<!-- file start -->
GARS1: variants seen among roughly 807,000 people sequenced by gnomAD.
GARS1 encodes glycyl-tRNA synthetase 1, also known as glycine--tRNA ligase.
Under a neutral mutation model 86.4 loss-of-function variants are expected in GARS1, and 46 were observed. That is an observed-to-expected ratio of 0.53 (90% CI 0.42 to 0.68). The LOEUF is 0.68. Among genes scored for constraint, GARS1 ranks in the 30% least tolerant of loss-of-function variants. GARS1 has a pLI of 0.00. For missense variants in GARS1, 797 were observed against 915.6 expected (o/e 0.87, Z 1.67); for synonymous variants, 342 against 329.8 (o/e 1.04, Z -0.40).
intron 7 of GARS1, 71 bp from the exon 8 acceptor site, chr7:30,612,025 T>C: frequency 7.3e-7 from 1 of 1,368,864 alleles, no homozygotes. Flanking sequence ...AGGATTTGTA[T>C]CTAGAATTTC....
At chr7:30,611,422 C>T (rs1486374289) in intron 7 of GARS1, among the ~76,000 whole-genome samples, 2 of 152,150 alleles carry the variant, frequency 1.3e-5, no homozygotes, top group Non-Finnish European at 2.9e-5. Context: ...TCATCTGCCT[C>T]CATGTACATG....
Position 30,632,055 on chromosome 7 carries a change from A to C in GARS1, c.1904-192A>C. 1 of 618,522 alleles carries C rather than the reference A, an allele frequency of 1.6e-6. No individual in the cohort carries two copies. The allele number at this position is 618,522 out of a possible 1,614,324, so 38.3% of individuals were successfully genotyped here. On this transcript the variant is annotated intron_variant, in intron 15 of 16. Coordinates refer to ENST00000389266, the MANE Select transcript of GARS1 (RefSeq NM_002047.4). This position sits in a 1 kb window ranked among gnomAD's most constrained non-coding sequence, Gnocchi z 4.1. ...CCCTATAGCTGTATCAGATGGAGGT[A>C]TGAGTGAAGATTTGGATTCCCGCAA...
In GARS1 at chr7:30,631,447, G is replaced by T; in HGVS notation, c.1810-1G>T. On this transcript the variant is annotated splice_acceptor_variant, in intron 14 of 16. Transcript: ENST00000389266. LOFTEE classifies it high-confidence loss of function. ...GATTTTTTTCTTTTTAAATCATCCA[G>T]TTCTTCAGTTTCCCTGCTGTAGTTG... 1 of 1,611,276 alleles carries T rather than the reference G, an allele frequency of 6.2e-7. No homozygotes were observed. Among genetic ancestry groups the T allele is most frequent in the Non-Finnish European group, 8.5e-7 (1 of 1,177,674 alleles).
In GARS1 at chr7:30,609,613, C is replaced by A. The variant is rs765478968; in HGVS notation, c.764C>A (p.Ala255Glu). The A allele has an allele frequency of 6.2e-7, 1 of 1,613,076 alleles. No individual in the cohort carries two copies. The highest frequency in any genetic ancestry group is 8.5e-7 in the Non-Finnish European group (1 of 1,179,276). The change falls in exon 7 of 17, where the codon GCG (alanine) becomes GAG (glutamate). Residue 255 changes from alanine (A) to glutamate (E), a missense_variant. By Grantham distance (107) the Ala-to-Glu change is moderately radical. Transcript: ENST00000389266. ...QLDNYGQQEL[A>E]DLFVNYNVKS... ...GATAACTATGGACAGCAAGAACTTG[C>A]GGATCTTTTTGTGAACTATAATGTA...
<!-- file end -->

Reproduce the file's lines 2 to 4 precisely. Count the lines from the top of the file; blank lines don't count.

GARS1 encodes glycyl-tRNA synthetase 1, also known as glycine--tRNA ligase.
Under a neutral mutation model 86.4 loss-of-function variants are expected in GARS1, and 46 were observed. That is an observed-to-expected ratio of 0.53 (90% CI 0.42 to 0.68). The LOEUF is 0.68. Among genes scored for constraint, GARS1 ranks in the 30% least tolerant of loss-of-function variants. GARS1 has a pLI of 0.00. For missense variants in GARS1, 797 were observed against 915.6 expected (o/e 0.87, Z 1.67); for synonymous variants, 342 against 329.8 (o/e 1.04, Z -0.40).
intron 7 of GARS1, 71 bp from the exon 8 acceptor site, chr7:30,612,025 T>C: frequency 7.3e-7 from 1 of 1,368,864 alleles, no homozygotes. Flanking sequence ...AGGATTTGTA[T>C]CTAGAATTTC....